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Net Neutrality

Why Title II Net Neutrality Defenders Fear a Pro-Consumer Ajit Pai FCC

Defenders of the previous FCC’s Title II Open Internet Order appear afraid to have a free and open discussion about how Title II net neutrality affects Americanconsumers.

Like a poker player’s “tell,” leading Title II net neutrality defenders tellingly resort first to ad hominem attacks in challenging the financial motives of most everyone that is making the pro-consumer case for overturning the previous FCC’s Open Internet order. 

Why are they leading with ad hominem attacks?

As most understand, ad hominem attacks are the refuge of those who know the facts are not on their side of the argument.

Ajit Pai will return pro-consumer focus at FCC – The Hill Op-ed

Please see my new The Hill op-ed: “Ajit Pai will return pro-consumer focus at FCC.”

 

  • It factually rebuts the New York Times’ editorial assessment: “Anti-Consumer Agenda at the FCC.

 

Outdated Telecom Law Poses a Challenge for Agit Pai’s FCC – The Hill Op-ed

Here is my latest The Hill op-ed on How “Outdated Telecom Law Poses a Challenge for Agit Pai’s FCC.”

  • It explains what is NOT a modern FCC.
  • It’s also part 26 of my Modernize Obsolete Communications Law Series. (See below.)

 

 

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Modernize Obsolete Communications Law Series

Rating the FCC’s Net Neutrality Enforcement Policy a Zero -- The Hill Op-ed

Please don’t miss my latest The Hill op-ed entitled “Rating the FCC’s Net Neutrality Enforcement Policy a Zero

  • It explains how net neutrality ceased being pro-consumer.  

 

How Did Net Neutrality Become So Unreasonable? The Hill Op-ed

Please don't miss my latest op-ed in The Hill: How Did Net Neutrality Become So Unreasonable?

 

What to Expect from a Trump FCC

In the wake of a generally-unexpected election outcome, most everyone in the Internet space is grasping to understand the implications of an all Republican-led government and a Trump FCC, on their key issues. 

The purpose of this analysis is to spotlight and explain the most predictable changes to expect. By design, it is not comprehensive, because some issues are naturally less predictable than others.

To be most accurate, this analysis will be high-level and strategic, not detailed and tactical, because the “what” and the “why” here are more predictable at this early stage than the specific “how,” “when,” and “who” -- for obvious practical reasons.

I. Why are some issues very predictable at this early stage?

First, the simple, hiding-in-plain-sight, premise here, is the process/values clarity and predictability that naturally flow from unified one-party control of the levers of government.

This is the fourth time in eighteen years there will be unified one-party control of government: the Democrats had it 1993-94 and 2009-10; and Republicans had it 2003-06 and now in 2017-18. History confirms the high-level strategic predictability of one-party control of the levers of government.

Google Fiber Pivots to Be Wireless ISP & FCC Spectrum Access Administrator

Don’t miss Google’s enduring big wireless ISP ambitions in the midst of all the noise and confusion about the future of Google Fiber.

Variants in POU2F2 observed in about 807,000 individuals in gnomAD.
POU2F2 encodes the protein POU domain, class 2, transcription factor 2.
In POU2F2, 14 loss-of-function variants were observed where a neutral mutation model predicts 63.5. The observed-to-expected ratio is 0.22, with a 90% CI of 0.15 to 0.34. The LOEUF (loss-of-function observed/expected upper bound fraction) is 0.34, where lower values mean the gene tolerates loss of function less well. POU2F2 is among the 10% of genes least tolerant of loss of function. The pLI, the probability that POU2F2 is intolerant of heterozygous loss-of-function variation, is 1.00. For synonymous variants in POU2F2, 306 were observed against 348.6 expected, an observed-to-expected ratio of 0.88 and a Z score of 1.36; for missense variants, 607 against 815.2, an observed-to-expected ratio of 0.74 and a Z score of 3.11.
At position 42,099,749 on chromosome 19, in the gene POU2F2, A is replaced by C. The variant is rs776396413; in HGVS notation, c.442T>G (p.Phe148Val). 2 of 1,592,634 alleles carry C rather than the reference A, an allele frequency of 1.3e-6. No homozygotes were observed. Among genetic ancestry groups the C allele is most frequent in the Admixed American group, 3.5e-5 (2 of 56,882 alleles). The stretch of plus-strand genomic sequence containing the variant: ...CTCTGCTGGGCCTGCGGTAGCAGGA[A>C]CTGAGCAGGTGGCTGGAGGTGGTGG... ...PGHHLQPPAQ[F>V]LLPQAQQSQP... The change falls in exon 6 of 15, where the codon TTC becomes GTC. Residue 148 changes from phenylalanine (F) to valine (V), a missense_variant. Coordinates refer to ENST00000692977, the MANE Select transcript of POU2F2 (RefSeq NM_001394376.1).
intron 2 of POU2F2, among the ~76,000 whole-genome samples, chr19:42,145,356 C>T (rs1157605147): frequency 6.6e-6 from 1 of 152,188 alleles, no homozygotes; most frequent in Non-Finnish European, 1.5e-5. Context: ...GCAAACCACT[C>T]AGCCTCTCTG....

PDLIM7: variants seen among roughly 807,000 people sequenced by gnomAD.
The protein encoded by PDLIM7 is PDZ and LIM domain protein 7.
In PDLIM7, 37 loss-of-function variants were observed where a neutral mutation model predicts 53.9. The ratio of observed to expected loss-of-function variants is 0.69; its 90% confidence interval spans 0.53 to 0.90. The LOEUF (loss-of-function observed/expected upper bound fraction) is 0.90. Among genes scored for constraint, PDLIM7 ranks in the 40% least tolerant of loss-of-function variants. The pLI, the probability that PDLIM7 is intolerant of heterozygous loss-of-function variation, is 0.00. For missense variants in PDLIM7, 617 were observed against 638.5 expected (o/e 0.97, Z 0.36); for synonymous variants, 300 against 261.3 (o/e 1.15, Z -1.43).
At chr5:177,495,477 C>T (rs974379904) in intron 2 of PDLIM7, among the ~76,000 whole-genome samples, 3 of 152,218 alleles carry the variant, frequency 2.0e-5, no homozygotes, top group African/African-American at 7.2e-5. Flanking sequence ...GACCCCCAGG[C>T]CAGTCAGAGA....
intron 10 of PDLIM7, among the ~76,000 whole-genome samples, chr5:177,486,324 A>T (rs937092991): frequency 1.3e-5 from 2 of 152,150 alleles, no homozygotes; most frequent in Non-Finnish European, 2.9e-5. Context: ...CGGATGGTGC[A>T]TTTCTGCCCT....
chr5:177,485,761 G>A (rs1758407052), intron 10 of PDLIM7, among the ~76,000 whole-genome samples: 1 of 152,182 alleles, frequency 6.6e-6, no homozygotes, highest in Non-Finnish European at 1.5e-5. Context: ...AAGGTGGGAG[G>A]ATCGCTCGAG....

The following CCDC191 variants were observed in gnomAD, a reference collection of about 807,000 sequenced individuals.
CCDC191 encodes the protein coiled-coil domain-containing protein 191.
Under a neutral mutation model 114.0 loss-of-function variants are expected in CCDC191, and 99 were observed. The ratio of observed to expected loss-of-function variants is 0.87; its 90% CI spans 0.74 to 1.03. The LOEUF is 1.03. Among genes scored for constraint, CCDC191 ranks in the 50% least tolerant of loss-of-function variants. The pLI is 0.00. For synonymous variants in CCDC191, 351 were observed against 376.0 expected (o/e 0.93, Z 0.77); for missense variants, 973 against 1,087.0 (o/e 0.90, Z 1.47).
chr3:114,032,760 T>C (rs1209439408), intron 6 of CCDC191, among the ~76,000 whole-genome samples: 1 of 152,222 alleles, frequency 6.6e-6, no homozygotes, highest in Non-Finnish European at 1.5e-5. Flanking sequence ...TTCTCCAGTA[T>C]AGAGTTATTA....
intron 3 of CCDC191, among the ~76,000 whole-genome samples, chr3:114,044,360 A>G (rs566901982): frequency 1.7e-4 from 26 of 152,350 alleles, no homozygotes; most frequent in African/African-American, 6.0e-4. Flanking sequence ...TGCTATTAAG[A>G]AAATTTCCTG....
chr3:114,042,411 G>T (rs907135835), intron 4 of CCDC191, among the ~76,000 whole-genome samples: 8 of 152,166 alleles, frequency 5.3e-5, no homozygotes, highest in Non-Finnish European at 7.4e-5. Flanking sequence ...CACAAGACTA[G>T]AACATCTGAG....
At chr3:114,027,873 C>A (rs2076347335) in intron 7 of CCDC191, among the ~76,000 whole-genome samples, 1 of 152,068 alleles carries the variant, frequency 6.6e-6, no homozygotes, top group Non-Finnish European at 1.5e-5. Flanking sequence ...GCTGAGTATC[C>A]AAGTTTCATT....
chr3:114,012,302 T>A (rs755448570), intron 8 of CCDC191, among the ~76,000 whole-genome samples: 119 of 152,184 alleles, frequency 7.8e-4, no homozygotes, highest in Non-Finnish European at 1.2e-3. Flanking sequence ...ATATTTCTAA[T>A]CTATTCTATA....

And also don’t miss Google’s grand ambitions to organize and dominate America’s spectrum-related information via its certification as a key FCC Spectrum Access System Administrator, given how little public attention it has gotten to date.

Google continues to pivot its Internet access ambitions away from deploying capital-expensive fiber technology deployment to deploying much-less-capital-expensive unlicensed wireless access technology, which does not require digging and burying fiber, and which may only use free unlicensed spectrum.

The Key Competitive Facts behind the AT&T-Time-Warner Acquisition

This analysis of the competitive facts underlying AT&T’s acquisition of Time Warner is an outgrowth of my discussion of the acquisition on NPR’s Diane Rehm Show this morning with Cecilia Kang of the New York Times and John Bergmeyer of Public Knowledge. The show can be heard here.

My main point was that the competitive facts are the best friend of this transaction.

I elaborate on that conclusion below.

The key facts lead me to believe the transaction should and will be approved, most likely by the DOJ, because of: the antitrust-benign competitive share facts in all the relevant markets; the antitrust precedents that constrain the DOJ’s ability to successfully challenge in court a vertical merger with these benign shares; and the companies have signaled they understand that if any legitimate competitive concerns arise they can be mitigated successfully with conditions and DOJ oversight of the transaction.    

If officials examine the competitive facts of this acquisition with an open mind and with due process, they’ll discover first impressions can be very misleading.

Appeals Court Blasts Big Deregulatory Hole between FCC & FTC Jurisdictions

FCC and FTC meet the law of unintended consequences.

A Ninth Circuit Court decision overturned an FTC enforcement action against AT&T for “throttling” broadband data speeds by definitively ruling that the FTC did not have any legal jurisdiction over AT&T (and other common carriers) because of the explicit common carrier exemption in the FTC’s core Section 5 legal authority.

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Q&A One Pager Debunking Net Neutrality Myths